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ration for baptism, “ Why do you not hasten to receire baptism, that you may be able to sing with the faithful the canticle of the Seraphim?" And St. John Chrysostom asks the faithful how they can sing indecent songs with those mouths which have chaunted Holy, Holy, Holy to the Lord. It was formerly anitted on fast days, and in masses for the dead; but the second council of Vaison, in 529, at which St. Cesarius was present, ordered it to be said at all

even in Lent and for the dead." This custom soon became general. The hymn is found in the first place in the sixth chapter of the prophet Isaias, where we read the very words, as sung by the seraphim, Ho15, Holy, Holy, Lord God of Sabaoth, or of armies, or hosts; the heavens and the earth are full of his glory. For the reason which has been previously given, the church retains the original Hebrew word

Sabaoth, instead of taking its translation. St. Amthey brose says

, the triple chaunt is in honour of the Trinity ; * and this great Lord is called the God of anmes, or of hosts : for he is that Ancient of days described by Daniel,t from before whom a fiery stream issued, and thousands of thousands ministered sunto him, and ten thousand times hundreds of thousinds slood before him

Tertullian says, that the church causes us to repeat it here below, ļ that we may be associated with those, in whose company we bope to rest for eternity.

But now coming more directly to the specific object of the sacrifice, the church contemplates him who reconciled us to his father, and beholding his near approach, she puts into our mouths the Hosanhas to him who comes in the name of the Lord. The son of David, not now entering Jerusalem to be mangled upon the cross, but preparing to descend tpon our altar to immolate himself as the victim of 'Lib. Ils, c. 18, de Spir. Sanc. vii, 9, &c. De orat iii:

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his own love and our salvation. Hosanna is not only an ejaculation of praise, but also a prayer for mercy. It was the cry of the Jews at the feast of Tabernacles, and of the multitudes, who strewed their garments in his way, and accompanied Jesus into Jerusalem, bearing branches in their hands, and crying out, * Hosanna to the Son of David, blessed is he who comes in the name of the Lord; Hosanna in the highest.

The various other additions to the preface on the occasion of special feasis, or observances, are sufficiently explanatory in themselves, such as the shedding of that ray of divine light upon us by the birth of the Saviour, which is alluded to in the preface, proper for christmas. His appearing manifest in our flesh, in that for Epiphany. The object of the fast in Lent; the effect of his crucifixion in the preface of the cross; bis sacrifice, by which he is our Pasch, and his resurrection at Easter; his conversation with his apostles and ascension ; the descent of the Holy Ghost at whitsuntide, and the effects of this descent; the favour conferred on the blessed Virgin Mary, and the power of the apostles, together with the unity of the church, and the source of spiritual jurisdiction. All those are separately and specially brought in review before our minds through the year, on various occasions, by the special or proper prefaces.

The assistant rings the bell at the sanctus, to rouse the attention of the congregation, and to ex: cite them to join in the hymn.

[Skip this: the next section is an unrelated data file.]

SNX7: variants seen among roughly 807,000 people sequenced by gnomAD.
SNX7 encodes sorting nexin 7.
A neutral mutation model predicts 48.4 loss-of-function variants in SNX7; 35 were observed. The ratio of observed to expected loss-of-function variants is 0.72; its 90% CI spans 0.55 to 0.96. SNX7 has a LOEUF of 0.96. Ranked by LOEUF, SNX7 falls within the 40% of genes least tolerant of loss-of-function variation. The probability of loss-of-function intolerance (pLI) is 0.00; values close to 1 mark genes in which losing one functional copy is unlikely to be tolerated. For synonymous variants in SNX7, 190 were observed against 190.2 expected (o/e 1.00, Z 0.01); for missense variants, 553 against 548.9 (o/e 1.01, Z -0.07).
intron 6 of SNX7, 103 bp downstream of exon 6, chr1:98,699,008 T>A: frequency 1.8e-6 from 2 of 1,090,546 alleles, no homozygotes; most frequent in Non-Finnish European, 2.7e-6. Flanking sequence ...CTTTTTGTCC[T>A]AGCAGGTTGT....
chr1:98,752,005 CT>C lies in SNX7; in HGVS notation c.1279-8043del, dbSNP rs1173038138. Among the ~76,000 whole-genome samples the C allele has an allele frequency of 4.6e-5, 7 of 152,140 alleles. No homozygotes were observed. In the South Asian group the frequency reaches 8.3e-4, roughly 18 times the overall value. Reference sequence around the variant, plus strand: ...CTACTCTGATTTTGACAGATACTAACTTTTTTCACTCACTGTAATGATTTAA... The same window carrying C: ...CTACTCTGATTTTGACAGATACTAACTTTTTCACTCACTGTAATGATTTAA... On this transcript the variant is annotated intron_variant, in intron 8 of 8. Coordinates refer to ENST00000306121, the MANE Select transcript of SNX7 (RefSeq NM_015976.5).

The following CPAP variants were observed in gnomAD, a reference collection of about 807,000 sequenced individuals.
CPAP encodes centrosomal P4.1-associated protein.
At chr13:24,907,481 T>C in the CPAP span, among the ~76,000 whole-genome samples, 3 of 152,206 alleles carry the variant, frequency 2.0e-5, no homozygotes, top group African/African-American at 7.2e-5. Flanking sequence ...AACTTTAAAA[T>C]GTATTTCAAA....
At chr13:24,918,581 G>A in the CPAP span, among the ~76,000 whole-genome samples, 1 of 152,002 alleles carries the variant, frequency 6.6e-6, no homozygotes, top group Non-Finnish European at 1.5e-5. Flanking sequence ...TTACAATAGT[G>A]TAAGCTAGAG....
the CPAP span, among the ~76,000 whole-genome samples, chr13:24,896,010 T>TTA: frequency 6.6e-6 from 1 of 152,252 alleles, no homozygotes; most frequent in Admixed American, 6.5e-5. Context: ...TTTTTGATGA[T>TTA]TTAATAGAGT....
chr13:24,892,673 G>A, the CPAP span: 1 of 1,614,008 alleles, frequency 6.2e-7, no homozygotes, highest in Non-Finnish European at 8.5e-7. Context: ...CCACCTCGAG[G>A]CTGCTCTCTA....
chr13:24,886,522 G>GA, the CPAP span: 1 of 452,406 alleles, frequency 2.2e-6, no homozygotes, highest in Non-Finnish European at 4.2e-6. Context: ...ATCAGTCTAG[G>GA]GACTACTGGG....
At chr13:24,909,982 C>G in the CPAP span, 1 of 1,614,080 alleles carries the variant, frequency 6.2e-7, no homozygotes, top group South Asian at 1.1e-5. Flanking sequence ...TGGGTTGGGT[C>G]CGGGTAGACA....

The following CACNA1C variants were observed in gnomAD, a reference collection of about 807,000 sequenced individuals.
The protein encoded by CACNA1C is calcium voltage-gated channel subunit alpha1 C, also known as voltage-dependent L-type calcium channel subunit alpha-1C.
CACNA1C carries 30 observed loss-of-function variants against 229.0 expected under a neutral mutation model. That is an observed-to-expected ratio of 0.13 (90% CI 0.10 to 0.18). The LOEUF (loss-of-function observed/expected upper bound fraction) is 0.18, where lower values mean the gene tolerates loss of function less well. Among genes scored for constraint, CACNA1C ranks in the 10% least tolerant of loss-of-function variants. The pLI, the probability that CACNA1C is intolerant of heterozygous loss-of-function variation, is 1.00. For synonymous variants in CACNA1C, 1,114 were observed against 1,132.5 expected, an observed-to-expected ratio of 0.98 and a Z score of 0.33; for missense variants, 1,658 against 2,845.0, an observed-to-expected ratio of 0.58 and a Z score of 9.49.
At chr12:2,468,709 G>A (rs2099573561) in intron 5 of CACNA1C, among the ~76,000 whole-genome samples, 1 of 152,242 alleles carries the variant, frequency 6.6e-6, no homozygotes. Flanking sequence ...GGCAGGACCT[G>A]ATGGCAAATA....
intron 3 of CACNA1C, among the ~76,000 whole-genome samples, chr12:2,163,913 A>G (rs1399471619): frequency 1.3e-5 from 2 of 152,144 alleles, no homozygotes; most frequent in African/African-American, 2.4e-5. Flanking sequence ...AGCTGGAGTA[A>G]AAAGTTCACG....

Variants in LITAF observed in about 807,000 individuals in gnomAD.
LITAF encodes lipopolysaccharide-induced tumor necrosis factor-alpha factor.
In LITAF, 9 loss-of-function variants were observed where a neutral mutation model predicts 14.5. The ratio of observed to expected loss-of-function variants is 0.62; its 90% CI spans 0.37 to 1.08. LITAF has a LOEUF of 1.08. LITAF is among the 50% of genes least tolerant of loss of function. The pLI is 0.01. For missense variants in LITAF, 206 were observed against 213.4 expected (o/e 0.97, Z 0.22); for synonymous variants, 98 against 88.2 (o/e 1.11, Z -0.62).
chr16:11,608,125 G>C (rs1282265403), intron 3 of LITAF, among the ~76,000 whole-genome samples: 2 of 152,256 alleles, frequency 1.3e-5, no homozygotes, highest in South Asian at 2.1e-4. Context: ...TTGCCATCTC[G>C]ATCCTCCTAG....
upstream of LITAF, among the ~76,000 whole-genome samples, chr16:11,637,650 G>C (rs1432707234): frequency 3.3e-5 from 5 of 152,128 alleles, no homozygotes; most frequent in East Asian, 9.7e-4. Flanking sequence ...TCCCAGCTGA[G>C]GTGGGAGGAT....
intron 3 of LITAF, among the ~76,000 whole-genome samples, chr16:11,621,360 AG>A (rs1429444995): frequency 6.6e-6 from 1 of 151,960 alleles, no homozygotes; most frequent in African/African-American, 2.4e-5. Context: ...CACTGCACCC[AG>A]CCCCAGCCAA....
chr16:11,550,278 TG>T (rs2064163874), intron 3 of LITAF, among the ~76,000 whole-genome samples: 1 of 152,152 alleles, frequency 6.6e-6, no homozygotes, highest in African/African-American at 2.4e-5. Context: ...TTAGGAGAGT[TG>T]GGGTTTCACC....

The next part is the Canon. This has its name from being a part which has always been an unchanging rule, by which the celebrant was to be directed; and which was not subject to the discretion of the priest or bishop, even in those early days when much was left to their prudence. The moan

*Matt. xxi, 9.

66

· For ever and

It is

his own love and our salvation. Hosanna is m* ng of the word canon, is “ a rule." It consists of hly an ejaculation of praise, but also a pratera that part of the Liturgy which commences with the mercy. It was the cry of the Jews at the ter words Te igitur clemen tissime pater, &c. ; “ we of Tabernacles, and of the multitudes,

therefore, humbly pray," &c. down to the words per strewed their garments in lois way, and urare

omnia Sæcula Sæculorum, Amen. nied Jesus into Jerusalem, bearing branches in the

ever, Amen." just before the Lord's prayer. But out, * the tid, blessed is he who comes in the name of the im Lord's prayer, and to extend to the prayers at takHosanna in the highest.

ing the Chalice and the ablutions inclusive. The various other additions to the preface ca 7

This is one of the most ancient parts of the lituroccasion of special feasts

, or observances, are ciently explanators in themselves, such as the

now in the Roman Missal, in the ancient Ordo Roding of that ray of divine light upon us by the best

inatus, which quotes it as of the oldest date. of the Saviour, which is alluded to in the pretzte

on all hands agreed that the last person who arendproper for christmas. His appearing manifest 19 feed and reduced it to its present form, was Pope St. flesh, in that for Ejiphany." The object of the

Gregory the great, in the year 595. Kemnitz and in Lent; the etle et of his crucifixion in the past

most others who have written against the Catholic of the cross; his sacritice, by which he is our per

doctrine on this point, say that in the year 590 it and his resurrection at Easter: his conversation

assumed its present form. In his 63d epistle, St. his apostles and ascension; the descent of the Hill

Gregory states that before bis time, but he does not Ghost at whitsuntide, and the effects of this de

state exactly when, it had been compiled by an ein scent: the favour conferred on the blessed line inent Scholastic; that is, by a person of considerable Marr, and the power of the apostles, together o

information. Pope Vigilius in the year 545, menthe units of the church, and the source of spin

tions it as the “ text of Canonical prayer." Pope

Leo 1 in the year 445, added the following words jurisdiction. All those are separately and so brought in review before our minds throngh

Sanctum Sacrificium et immaculatam hostiam, “a year, on various occasions, by the special or prono boly sacrifice and unspotted victim," just after the prefaces.

words tihi obtulit Sacerdos tuus Melchisedech " The assistant rings the hell at the sanctis ,